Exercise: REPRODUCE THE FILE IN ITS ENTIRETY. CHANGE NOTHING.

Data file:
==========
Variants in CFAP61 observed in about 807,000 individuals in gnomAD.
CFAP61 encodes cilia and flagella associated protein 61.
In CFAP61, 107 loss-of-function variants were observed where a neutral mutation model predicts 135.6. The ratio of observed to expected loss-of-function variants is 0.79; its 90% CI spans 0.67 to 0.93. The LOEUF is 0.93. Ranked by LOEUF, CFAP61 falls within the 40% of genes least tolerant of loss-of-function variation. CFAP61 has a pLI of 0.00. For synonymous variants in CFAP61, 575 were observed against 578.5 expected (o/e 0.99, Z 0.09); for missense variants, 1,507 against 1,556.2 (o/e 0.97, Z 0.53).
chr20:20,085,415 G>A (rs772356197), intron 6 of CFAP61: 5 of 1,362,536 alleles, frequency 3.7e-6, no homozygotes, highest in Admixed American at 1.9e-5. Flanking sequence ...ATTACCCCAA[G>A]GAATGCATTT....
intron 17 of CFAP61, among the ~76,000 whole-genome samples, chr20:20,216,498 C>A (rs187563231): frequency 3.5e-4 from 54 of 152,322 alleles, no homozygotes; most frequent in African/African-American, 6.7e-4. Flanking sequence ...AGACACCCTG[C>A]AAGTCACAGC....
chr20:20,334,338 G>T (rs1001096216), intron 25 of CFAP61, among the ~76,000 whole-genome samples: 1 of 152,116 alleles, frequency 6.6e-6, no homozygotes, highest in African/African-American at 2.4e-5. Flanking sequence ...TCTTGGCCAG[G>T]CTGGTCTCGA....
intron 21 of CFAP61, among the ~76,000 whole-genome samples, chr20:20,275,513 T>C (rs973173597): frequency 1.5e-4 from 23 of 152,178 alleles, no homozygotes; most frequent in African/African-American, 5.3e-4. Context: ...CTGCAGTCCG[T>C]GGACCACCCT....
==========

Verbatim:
Variants in CFAP61 observed in about 807,000 individuals in gnomAD.
CFAP61 encodes cilia and flagella associated protein 61.
In CFAP61, 107 loss-of-function variants were observed where a neutral mutation model predicts 135.6. The ratio of observed to expected loss-of-function variants is 0.79; its 90% CI spans 0.67 to 0.93. The LOEUF is 0.93. Ranked by LOEUF, CFAP61 falls within the 40% of genes least tolerant of loss-of-function variation. CFAP61 has a pLI of 0.00. For synonymous variants in CFAP61, 575 were observed against 578.5 expected (o/e 0.99, Z 0.09); for missense variants, 1,507 against 1,556.2 (o/e 0.97, Z 0.53).
chr20:20,085,415 G>A (rs772356197), intron 6 of CFAP61: 5 of 1,362,536 alleles, frequency 3.7e-6, no homozygotes, highest in Admixed American at 1.9e-5. Flanking sequence ...ATTACCCCAA[G>A]GAATGCATTT....
intron 17 of CFAP61, among the ~76,000 whole-genome samples, chr20:20,216,498 C>A (rs187563231): frequency 3.5e-4 from 54 of 152,322 alleles, no homozygotes; most frequent in African/African-American, 6.7e-4. Flanking sequence ...AGACACCCTG[C>A]AAGTCACAGC....
chr20:20,334,338 G>T (rs1001096216), intron 25 of CFAP61, among the ~76,000 whole-genome samples: 1 of 152,116 alleles, frequency 6.6e-6, no homozygotes, highest in African/African-American at 2.4e-5. Flanking sequence ...TCTTGGCCAG[G>T]CTGGTCTCGA....
intron 21 of CFAP61, among the ~76,000 whole-genome samples, chr20:20,275,513 T>C (rs973173597): frequency 1.5e-4 from 23 of 152,178 alleles, no homozygotes; most frequent in African/African-American, 5.3e-4. Context: ...CTGCAGTCCG[T>C]GGACCACCCT....